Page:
The Boston Red Sox made it official early Saturday morning, March 23, as they announced they had signed ace pitcher Chris Sale to a 5 year extension through the 2024 season.

The contact is reportedly for 160 million and has an opt-out clause after the 2022 season.

Sale, 29, is entering his 10th major league season, his third with the Red Sox. Selected by the White Sox in the first round of the 2010 June Draft, the left-hander spent his first seven professional seasons with Chicago before being acquired by Boston on December 6, 2016, in exchange for four minor league players. In his first two years with the Red Sox, Sale went 29-12 with a 2.56 ERA (106 ER/372.1 IP), a .196 opponent batting average, and a 0.92 WHIP while averaging 13.17 strikeouts per 9.0 innings in his 59 starts. He has also appeared in seven Postseason games (four starts) with Boston, notably recording the final three outs of the 2018 World Series by striking out the side in the decisive Game 5 at Dodger Stadium.

In each of his seven seasons as a starting pitcher (2012-18), Sale has finished in the top six in BBWAA American League Cy Young Award voting, including second in 2017 and fourth in 2018 with the Red Sox. The only other pitchers ever to finish in the top six in Cy Young Award voting in as many as seven consecutive years are Hall of Famer Greg Maddux (7; 1992-98) and Clayton Kershaw (7; 2011-17). Sale is also the only pitcher named to an All-Star team in each of the last seven years. He started the Midsummer Classic in 2016, 2017, and 2018, matching the longest streak in baseball history (also Lefty Gomez and Robin Roberts). Sale is the only pitcher ever to start multiple All-Star Games as a Red Sox, as well as the only pitcher ever to start consecutive All-Star Games for two different organizations.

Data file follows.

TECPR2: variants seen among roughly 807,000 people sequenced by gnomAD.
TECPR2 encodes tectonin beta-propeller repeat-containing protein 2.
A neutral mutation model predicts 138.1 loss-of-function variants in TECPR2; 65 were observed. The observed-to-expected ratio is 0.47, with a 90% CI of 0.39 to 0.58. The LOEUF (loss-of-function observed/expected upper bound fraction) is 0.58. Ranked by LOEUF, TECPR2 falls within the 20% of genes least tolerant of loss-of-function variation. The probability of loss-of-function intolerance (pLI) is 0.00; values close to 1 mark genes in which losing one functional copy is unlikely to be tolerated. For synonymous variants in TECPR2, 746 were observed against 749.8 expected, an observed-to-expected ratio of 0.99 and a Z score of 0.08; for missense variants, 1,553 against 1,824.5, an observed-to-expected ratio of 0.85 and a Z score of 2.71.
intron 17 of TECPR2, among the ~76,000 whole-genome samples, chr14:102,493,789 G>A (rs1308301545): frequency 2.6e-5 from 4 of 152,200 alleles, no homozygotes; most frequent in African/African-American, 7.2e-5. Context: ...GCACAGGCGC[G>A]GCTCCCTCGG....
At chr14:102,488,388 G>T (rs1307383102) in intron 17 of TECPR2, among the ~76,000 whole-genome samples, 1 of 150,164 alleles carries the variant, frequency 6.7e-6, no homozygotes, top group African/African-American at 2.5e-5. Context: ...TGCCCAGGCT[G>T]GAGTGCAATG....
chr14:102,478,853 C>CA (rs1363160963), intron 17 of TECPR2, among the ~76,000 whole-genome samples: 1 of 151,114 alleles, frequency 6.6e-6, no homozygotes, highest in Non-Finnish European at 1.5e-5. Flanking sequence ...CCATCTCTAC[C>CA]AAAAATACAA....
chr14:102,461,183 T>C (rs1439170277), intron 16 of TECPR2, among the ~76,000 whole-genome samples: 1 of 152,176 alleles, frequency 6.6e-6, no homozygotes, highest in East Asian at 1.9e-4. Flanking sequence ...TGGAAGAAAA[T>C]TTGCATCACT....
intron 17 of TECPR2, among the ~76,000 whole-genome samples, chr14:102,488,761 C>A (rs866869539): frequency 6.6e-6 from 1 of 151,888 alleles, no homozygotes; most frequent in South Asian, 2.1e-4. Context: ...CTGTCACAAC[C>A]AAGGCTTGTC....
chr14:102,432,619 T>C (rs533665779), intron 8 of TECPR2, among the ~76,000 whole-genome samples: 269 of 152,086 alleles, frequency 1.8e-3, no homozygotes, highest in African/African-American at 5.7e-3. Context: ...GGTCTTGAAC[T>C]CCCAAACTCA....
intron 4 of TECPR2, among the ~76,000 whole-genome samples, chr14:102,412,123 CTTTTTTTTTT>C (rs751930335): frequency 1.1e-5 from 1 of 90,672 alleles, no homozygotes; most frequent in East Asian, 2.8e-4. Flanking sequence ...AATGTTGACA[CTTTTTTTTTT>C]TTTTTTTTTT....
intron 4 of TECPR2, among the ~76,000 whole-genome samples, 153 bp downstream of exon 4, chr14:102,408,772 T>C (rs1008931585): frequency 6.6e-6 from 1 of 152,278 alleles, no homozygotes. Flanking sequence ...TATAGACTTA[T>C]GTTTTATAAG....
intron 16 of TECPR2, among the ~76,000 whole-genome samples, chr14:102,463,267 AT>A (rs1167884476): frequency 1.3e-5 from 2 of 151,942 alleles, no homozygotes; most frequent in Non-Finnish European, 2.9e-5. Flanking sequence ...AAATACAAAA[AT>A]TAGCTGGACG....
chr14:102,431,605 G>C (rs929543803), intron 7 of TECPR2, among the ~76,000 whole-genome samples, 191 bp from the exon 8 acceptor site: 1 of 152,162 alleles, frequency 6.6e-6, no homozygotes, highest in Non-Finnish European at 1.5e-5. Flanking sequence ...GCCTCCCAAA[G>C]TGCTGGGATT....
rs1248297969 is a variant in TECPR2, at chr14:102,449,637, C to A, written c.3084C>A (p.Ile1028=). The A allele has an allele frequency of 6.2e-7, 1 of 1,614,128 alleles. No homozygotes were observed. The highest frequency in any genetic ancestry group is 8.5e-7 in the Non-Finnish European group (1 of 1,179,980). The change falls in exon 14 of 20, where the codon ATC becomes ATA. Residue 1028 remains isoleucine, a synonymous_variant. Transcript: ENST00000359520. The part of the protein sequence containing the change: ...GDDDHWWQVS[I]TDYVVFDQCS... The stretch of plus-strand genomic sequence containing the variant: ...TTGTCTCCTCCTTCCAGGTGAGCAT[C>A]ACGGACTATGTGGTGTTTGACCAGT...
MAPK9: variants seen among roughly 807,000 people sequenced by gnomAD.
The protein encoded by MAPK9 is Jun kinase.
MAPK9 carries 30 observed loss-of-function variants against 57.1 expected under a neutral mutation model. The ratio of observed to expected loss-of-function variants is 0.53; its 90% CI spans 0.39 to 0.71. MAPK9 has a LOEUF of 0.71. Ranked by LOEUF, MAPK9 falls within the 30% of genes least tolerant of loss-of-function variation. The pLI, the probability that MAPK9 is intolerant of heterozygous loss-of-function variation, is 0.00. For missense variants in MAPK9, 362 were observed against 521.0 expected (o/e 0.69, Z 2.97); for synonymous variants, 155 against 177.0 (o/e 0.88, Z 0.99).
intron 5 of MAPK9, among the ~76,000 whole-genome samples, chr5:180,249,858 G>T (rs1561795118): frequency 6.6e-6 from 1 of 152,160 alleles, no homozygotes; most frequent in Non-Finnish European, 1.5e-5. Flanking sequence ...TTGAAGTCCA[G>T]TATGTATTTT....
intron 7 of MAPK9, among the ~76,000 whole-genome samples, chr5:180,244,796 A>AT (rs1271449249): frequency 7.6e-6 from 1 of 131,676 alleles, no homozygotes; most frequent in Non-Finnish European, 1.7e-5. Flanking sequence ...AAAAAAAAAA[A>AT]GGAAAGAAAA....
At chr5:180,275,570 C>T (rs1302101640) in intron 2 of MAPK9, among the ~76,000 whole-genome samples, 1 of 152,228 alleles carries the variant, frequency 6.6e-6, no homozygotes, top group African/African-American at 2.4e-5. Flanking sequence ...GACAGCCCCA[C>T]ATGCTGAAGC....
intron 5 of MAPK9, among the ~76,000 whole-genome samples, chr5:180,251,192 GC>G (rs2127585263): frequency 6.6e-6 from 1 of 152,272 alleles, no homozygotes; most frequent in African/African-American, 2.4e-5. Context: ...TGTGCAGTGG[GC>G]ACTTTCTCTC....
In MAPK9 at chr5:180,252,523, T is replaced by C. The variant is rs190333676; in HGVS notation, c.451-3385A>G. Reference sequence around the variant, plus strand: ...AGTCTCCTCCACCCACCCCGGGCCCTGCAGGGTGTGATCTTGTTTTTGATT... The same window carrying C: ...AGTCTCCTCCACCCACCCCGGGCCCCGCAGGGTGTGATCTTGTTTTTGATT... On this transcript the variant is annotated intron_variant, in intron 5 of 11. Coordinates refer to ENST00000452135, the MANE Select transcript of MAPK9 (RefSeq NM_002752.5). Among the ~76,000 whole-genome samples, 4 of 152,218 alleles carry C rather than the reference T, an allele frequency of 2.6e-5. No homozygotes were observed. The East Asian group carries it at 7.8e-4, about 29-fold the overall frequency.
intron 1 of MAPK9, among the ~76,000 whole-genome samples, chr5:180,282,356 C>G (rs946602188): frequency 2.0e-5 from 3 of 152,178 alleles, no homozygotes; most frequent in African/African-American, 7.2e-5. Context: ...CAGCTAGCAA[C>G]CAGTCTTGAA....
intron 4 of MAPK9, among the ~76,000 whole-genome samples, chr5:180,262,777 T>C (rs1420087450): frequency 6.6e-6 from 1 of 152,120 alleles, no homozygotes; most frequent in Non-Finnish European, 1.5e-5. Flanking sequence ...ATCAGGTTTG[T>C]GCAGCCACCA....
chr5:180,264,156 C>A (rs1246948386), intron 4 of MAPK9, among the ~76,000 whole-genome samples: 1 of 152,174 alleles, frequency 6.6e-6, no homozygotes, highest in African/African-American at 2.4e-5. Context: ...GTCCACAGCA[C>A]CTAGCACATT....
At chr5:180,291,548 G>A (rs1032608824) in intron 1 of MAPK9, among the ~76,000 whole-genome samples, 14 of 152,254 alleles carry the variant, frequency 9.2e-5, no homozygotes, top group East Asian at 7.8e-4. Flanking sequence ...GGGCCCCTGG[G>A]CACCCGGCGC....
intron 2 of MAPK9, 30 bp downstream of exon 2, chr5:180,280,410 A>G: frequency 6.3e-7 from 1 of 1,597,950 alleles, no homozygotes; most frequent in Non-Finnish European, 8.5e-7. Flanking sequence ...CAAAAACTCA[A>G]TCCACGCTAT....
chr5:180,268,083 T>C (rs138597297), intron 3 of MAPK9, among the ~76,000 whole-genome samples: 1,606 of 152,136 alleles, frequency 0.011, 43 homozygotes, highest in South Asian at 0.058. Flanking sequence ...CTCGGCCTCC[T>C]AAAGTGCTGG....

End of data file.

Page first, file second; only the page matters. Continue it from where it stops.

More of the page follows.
Entering the 2019 season, Sale ranks first in the Live Ball Era (1920-present) in strikeouts per 9.0 innings (10.86) and strikeout-to-walk ratio (5.31) among pitchers who have thrown at least 1,000.0 innings. His career 2.89 ERA, .217 opponent batting average, and 1.03 WHIP all rank second among active pitchers (min. 1,000.0 IP) behind only Kershaw. From 2012-18, he led the American League (min. 500.0 IP) in ERA (2.91), strikeouts (1,678), WHIP (1.02), opponent OPS (.619), and strikeout-to-walk ratio (5.59), and also ranked second in wins (99), quality starts (149), and complete games (15).

Sale joins Max Scherzer as the only pitchers to record at least 200 strikeouts in each of the last six seasons (2013-18), with the left-hander striking out 308 batters in 2017, the second-highest single-season total in Red Sox history (Pedro Martinez—313 in 1999). Sale’s six seasons with at least 200 strikeouts and 50 or fewer walks are the most in major league history. He has made at least 25 starts and thrown at least 150.0 innings in each of the last seven seasons, joining teammate Rick Porcello as the only AL pitchers to accomplish that feat. Sale has recorded a sub-3.50 ERA in each of his nine major league seasons, including a sub-3.00 mark in five of them. He is the only AL pitcher to win 11 or more games in each of the last seven years.

In 38 career appearances (32 starts) at Camden Yards, Yankee Stadium, Rogers Centre, and Tropicana Field, Sale has posted a 1.83 ERA (46 ER/226.1 IP). He has a 1.61 ERA (18 ER/100.2 IP) in 17 career games (14 starts) against the New York Yankees, the lowest mark by any pitcher against the club in the Live Ball Era (min. 75.0 IP). He is the only pitcher in major league history with multiple outings of at least 10 strikeouts and either one or zero hits allowed against the Yankees, having done so on May 22, 2014 with the White Sox and June 30, 2018 with Boston.